This guide is not intended to be definitive in terms of all types of composites. Rather it provides basic information that can help evaluate the quality and benefits of FRP composites used in automotive applications. Throughout this guide, 'fiberglass' is referred to as 'glass fiber' to be consistent with the terminology 'aramid fiber' and 'carbon fiber'.

What factors affect the performance of an FRP composite?
The choice of resin, the type of fiber, the style of reinforcing fabric, the number of layers in a laminate, the type of core material if used, and the manufacturing process are some of the many factors that can affect the performance of a composite.

What is the difference between GRP and FRP?
GRP refers strictly to Glass Reinforced Polymer whereas FRP is the abbreviation for Fiber Reinforced Polymer, a term describing composites that use fibers to reinforce polymer.

Are GRP and 'glass fiber' the same material?
Yes, GRP is the common abbreviation for 'Glass Reinforced Polymer', which is the technical term for glass fiber. 'Polymer' refers to the chemical make-up of the resin that binds the glass fibers together. Plastics are made from polymers, so this is sometimes substituted to result in 'Glass Reinforced Plastic.'

When was GRP invented?
GRP was invented last century, in the 1940s.

Are all composites FRP?
No. A 'composite' is the name given to any material made up of two or more dissimilar materials that when combined exceed the performance of the individual components on their own. For example, steel reinforced concrete is a composite.

When manufactures describe their product as a 'composite', is this the same as glass fiber?
Because consumers often think 'composite' refers to something more sophisticated than glass fiber, some GRP manufacturers use it to describe their product. Glass fiber was invented over 60 years ago and in the early years suffered from a reputation as a cheap, poor quality material. Describing a GRP product as a 'composite' is correct, however due to public misconceptions this could position a product as something more sophisticated than glass fiber.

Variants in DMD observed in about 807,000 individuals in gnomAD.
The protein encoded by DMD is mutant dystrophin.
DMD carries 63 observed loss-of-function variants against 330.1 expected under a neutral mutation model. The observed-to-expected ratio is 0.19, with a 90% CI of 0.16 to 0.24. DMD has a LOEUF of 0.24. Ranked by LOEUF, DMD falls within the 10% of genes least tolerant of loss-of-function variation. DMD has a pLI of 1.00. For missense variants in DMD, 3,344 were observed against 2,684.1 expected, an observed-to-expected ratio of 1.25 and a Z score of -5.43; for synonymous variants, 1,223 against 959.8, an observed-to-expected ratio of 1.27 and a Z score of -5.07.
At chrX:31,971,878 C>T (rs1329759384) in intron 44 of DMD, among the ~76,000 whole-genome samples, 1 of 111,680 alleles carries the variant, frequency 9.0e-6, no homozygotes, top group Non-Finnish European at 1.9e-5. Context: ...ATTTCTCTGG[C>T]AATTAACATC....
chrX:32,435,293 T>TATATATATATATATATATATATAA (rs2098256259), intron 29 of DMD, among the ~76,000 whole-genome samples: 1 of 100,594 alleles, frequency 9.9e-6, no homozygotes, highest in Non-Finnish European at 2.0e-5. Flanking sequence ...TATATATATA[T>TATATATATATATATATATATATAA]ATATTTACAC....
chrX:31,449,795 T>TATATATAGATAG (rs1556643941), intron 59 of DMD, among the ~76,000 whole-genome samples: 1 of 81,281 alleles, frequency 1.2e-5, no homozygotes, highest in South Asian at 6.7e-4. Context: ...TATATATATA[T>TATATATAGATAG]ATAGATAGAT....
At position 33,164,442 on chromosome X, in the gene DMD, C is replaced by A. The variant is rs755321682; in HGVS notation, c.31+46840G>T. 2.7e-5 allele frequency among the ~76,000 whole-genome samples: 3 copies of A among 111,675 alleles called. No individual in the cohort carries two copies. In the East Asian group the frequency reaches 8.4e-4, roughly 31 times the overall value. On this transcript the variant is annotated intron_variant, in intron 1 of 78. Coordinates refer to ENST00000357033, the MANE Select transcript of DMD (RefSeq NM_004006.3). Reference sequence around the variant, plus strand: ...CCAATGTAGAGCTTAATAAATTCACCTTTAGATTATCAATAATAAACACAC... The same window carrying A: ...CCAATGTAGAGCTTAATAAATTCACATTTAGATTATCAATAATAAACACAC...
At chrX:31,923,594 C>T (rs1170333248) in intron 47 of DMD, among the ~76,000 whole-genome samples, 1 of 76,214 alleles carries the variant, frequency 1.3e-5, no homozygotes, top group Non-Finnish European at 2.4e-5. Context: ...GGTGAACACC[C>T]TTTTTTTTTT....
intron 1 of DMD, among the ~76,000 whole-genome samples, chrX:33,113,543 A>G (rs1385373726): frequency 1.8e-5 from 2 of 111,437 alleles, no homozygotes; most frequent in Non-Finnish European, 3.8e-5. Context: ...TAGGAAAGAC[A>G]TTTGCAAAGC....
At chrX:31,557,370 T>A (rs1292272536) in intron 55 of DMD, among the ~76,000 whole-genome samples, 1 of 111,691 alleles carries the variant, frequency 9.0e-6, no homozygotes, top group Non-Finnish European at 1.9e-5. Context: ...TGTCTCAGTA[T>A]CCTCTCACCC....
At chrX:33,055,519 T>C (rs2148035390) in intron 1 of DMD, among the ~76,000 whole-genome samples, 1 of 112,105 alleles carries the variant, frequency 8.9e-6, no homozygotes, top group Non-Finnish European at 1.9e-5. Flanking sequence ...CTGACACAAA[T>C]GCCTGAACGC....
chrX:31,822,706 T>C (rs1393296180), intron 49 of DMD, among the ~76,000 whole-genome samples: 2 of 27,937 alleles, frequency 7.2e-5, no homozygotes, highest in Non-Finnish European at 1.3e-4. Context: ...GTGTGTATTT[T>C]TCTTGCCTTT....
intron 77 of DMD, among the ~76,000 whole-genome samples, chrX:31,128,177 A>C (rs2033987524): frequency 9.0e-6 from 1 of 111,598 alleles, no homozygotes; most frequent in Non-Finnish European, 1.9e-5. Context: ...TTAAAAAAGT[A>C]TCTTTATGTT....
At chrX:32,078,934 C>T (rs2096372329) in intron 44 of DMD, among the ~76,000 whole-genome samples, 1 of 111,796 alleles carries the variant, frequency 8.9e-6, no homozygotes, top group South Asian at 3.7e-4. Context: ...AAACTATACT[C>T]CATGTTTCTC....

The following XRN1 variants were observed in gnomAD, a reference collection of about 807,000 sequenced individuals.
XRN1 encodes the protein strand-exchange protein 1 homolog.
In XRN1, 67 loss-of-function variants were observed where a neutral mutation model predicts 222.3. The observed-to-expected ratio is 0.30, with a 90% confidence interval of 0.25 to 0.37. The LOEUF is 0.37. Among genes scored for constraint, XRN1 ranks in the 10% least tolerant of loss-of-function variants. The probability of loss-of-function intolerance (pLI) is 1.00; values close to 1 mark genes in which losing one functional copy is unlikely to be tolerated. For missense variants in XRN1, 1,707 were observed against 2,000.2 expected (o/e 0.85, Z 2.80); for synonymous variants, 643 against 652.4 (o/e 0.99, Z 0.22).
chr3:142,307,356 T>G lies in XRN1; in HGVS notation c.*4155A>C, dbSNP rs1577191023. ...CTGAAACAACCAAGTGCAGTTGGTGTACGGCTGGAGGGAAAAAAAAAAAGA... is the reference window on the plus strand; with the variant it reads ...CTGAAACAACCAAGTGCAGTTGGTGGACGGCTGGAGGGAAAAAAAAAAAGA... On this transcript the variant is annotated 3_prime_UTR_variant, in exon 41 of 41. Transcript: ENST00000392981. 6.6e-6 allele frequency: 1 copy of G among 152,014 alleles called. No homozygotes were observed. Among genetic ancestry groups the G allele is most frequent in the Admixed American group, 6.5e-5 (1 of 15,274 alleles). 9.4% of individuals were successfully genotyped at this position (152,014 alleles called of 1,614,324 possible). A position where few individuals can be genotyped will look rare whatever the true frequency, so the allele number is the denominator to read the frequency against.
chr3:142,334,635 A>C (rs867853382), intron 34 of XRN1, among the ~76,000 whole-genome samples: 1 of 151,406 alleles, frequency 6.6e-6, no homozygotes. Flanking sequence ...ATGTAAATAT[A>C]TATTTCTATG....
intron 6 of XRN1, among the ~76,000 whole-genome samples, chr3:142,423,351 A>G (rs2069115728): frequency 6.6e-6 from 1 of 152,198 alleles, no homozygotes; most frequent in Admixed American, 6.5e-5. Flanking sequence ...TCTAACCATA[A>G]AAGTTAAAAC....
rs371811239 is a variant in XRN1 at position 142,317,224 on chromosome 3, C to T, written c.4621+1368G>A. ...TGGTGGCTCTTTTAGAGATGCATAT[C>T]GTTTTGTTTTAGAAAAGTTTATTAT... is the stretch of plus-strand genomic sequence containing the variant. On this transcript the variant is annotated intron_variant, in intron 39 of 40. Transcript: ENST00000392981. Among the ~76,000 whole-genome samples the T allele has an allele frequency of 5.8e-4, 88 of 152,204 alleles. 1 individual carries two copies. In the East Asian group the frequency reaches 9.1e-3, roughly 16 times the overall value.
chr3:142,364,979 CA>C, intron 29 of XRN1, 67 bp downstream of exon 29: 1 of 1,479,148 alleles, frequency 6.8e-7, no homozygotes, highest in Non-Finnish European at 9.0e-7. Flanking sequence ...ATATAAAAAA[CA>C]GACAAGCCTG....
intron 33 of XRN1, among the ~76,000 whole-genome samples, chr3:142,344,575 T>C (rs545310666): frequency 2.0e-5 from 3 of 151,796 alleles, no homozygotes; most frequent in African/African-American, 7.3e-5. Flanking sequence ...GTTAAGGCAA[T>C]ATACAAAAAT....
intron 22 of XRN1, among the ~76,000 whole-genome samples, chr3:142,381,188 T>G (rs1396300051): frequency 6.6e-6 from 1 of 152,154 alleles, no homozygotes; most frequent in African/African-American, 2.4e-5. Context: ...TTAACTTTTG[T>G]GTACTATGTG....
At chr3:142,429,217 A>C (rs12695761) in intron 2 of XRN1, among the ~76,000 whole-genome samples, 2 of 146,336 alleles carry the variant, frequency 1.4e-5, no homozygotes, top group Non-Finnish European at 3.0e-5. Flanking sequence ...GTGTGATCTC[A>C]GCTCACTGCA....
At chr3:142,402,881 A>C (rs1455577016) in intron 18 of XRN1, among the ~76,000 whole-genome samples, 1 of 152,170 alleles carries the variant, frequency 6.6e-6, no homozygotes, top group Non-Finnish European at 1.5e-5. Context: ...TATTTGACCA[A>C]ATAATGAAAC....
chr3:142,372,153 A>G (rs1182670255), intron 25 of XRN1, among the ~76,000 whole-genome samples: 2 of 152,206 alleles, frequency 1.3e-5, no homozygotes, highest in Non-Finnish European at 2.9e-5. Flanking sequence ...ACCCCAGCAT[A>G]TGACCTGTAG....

Are all FRP composites similar?
Glass fiber, aramid fiber (Kevlar®), and carbon fiber reinforced composites are similar in that they are all based on fiber-reinforced polymers. However numerous factors can dramatically affect characteristics such as strength, stiffness, weight, toughness, fatigue resistance, temperature tolerance, chemical resistance, and durability.

How can aramid and carbon fiber increase automotive performance?

Compared to glass fiber, aramid and carbon fiber feature high tensile strength and tensile modulus (stiffness) combined with low density (weight). As a result, less fiber is required to achieve specific mechanical properties. Further weight savings are achieved because lower quantities of fiber require lesser quantities of resin. Aramid and carbon reinforcement fabrics feature high-density fiber that, combined with a high Fibre Volume Fraction, further minimizes weight. In automotive applications dramatic weight reduction increases performance in terms power-to-weight ratio, acceleration, braking, handling, and fuel more


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